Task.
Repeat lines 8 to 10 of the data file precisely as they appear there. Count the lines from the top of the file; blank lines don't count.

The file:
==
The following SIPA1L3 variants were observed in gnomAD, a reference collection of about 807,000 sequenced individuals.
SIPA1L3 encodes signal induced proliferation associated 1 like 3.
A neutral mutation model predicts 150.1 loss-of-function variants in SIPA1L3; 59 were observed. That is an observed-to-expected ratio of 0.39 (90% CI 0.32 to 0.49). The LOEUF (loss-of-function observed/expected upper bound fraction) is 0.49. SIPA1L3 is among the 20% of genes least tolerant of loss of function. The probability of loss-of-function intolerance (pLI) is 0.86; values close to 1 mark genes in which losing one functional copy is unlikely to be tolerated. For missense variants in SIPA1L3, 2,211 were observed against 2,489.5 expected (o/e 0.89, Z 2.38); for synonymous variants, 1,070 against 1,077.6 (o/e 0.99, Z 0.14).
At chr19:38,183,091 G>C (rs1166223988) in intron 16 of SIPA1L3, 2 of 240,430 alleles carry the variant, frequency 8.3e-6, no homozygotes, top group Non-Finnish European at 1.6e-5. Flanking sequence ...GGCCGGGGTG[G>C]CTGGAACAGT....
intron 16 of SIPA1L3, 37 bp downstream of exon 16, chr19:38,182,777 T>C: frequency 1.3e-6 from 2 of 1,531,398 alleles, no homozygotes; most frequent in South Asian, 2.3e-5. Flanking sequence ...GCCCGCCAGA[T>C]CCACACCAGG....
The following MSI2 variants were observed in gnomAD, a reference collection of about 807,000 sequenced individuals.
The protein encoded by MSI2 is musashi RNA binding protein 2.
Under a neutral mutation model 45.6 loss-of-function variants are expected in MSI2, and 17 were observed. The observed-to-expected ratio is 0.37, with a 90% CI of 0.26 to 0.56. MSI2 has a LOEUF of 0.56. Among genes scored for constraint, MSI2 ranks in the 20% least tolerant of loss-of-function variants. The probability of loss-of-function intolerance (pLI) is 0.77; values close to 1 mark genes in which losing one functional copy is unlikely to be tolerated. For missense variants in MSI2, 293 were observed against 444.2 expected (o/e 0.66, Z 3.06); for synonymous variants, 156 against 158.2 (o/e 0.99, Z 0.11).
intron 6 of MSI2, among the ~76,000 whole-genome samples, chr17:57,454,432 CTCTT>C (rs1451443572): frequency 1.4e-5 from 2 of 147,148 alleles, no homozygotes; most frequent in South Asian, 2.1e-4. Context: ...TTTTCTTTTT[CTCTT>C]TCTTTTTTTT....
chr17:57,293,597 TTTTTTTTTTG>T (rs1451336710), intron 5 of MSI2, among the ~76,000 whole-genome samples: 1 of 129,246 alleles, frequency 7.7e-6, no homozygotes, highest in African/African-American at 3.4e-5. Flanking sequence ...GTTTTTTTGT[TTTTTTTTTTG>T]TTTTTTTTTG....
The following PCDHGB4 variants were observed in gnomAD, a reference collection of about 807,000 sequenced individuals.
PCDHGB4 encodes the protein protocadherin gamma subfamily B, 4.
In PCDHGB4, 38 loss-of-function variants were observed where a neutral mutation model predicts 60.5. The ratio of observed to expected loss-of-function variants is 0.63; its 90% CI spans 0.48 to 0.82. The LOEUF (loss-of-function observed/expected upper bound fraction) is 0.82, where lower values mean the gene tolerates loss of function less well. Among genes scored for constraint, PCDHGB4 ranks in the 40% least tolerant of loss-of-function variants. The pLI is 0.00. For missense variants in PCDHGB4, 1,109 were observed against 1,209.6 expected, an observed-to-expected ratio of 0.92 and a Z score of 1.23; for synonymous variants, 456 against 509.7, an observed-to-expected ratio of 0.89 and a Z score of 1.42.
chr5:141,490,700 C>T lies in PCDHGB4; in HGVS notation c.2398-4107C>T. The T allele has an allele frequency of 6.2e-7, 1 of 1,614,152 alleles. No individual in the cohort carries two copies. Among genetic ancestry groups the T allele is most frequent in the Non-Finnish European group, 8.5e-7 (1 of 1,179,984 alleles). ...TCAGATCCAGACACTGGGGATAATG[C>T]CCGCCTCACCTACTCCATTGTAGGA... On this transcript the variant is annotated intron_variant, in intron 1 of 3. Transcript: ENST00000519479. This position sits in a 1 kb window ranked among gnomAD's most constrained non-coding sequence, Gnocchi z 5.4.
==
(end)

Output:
Under a neutral mutation model 45.6 loss-of-function variants are expected in MSI2, and 17 were observed. The observed-to-expected ratio is 0.37, with a 90% CI of 0.26 to 0.56. MSI2 has a LOEUF of 0.56. Among genes scored for constraint, MSI2 ranks in the 20% least tolerant of loss-of-function variants. The probability of loss-of-function intolerance (pLI) is 0.77; values close to 1 mark genes in which losing one functional copy is unlikely to be tolerated. For missense variants in MSI2, 293 were observed against 444.2 expected (o/e 0.66, Z 3.06); for synonymous variants, 156 against 158.2 (o/e 0.99, Z 0.11).
intron 6 of MSI2, among the ~76,000 whole-genome samples, chr17:57,454,432 CTCTT>C (rs1451443572): frequency 1.4e-5 from 2 of 147,148 alleles, no homozygotes; most frequent in South Asian, 2.1e-4. Context: ...TTTTCTTTTT[CTCTT>C]TCTTTTTTTT....
chr17:57,293,597 TTTTTTTTTTG>T (rs1451336710), intron 5 of MSI2, among the ~76,000 whole-genome samples: 1 of 129,246 alleles, frequency 7.7e-6, no homozygotes, highest in African/African-American at 3.4e-5. Flanking sequence ...GTTTTTTTGT[TTTTTTTTTTG>T]TTTTTTTTTG....